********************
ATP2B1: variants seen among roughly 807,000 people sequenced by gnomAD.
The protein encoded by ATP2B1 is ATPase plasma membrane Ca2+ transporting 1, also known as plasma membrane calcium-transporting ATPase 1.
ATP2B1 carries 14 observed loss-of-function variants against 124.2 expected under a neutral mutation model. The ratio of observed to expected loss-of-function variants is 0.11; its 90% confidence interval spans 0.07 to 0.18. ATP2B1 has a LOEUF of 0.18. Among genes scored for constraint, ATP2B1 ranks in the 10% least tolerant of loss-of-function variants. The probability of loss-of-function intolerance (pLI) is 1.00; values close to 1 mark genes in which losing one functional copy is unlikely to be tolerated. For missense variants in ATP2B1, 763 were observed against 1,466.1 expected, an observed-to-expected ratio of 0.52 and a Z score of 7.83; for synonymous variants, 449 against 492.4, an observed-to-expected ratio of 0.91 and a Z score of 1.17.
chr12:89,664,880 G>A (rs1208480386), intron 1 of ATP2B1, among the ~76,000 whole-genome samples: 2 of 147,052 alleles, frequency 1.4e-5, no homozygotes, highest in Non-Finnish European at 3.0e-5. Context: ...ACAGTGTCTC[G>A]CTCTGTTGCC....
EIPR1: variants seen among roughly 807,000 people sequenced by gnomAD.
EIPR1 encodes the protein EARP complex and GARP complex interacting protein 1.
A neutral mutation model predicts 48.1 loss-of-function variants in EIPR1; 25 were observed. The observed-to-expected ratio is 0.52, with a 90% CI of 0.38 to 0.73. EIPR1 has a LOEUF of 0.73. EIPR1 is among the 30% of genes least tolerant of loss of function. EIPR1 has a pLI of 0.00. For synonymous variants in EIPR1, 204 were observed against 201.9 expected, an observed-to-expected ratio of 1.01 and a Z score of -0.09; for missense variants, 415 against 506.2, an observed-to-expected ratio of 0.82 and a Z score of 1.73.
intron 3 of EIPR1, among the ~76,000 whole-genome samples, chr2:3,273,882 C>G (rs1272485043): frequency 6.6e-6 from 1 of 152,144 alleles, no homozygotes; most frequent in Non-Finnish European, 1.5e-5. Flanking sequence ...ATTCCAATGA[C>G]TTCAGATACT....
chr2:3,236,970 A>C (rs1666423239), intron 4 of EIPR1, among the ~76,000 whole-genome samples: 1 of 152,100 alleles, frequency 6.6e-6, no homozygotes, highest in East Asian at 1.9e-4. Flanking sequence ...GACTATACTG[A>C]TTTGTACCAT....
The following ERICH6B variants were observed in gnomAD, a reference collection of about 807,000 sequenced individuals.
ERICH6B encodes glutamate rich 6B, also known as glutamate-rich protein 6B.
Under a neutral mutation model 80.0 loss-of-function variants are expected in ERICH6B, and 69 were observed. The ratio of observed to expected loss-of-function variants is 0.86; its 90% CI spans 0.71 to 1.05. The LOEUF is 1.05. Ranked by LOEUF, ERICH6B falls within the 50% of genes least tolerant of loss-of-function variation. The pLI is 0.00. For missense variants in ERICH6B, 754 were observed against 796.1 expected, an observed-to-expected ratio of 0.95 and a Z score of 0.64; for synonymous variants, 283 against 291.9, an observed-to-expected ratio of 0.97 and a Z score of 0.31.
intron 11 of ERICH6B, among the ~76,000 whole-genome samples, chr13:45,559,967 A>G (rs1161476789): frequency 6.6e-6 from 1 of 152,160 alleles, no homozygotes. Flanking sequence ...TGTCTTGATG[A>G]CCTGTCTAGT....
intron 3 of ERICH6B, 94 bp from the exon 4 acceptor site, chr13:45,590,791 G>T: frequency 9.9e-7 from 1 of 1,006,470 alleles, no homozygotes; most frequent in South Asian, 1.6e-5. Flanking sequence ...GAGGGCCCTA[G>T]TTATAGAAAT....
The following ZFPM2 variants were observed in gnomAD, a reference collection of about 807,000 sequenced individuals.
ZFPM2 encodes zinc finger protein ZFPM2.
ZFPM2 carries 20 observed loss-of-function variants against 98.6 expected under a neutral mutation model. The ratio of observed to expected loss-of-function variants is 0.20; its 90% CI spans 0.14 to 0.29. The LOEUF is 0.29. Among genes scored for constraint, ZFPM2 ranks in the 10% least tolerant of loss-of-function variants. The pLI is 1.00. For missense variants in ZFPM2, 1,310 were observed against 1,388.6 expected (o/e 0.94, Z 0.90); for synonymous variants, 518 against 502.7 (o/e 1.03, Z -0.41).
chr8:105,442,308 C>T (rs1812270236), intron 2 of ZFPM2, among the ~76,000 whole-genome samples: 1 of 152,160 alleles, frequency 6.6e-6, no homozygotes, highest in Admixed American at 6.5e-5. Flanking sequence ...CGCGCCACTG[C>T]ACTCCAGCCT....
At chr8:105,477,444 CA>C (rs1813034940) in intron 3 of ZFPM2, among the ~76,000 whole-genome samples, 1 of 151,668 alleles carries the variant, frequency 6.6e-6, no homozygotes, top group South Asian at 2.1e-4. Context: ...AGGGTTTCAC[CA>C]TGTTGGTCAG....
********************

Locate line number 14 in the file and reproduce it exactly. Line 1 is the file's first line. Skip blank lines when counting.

intron 3 of ERICH6B, 94 bp from the exon 4 acceptor site, chr13:45,590,791 G>T: frequency 9.9e-7 from 1 of 1,006,470 alleles, no homozygotes; most frequent in South Asian, 1.6e-5. Flanking sequence ...GAGGGCCCTA[G>T]TTATAGAAAT....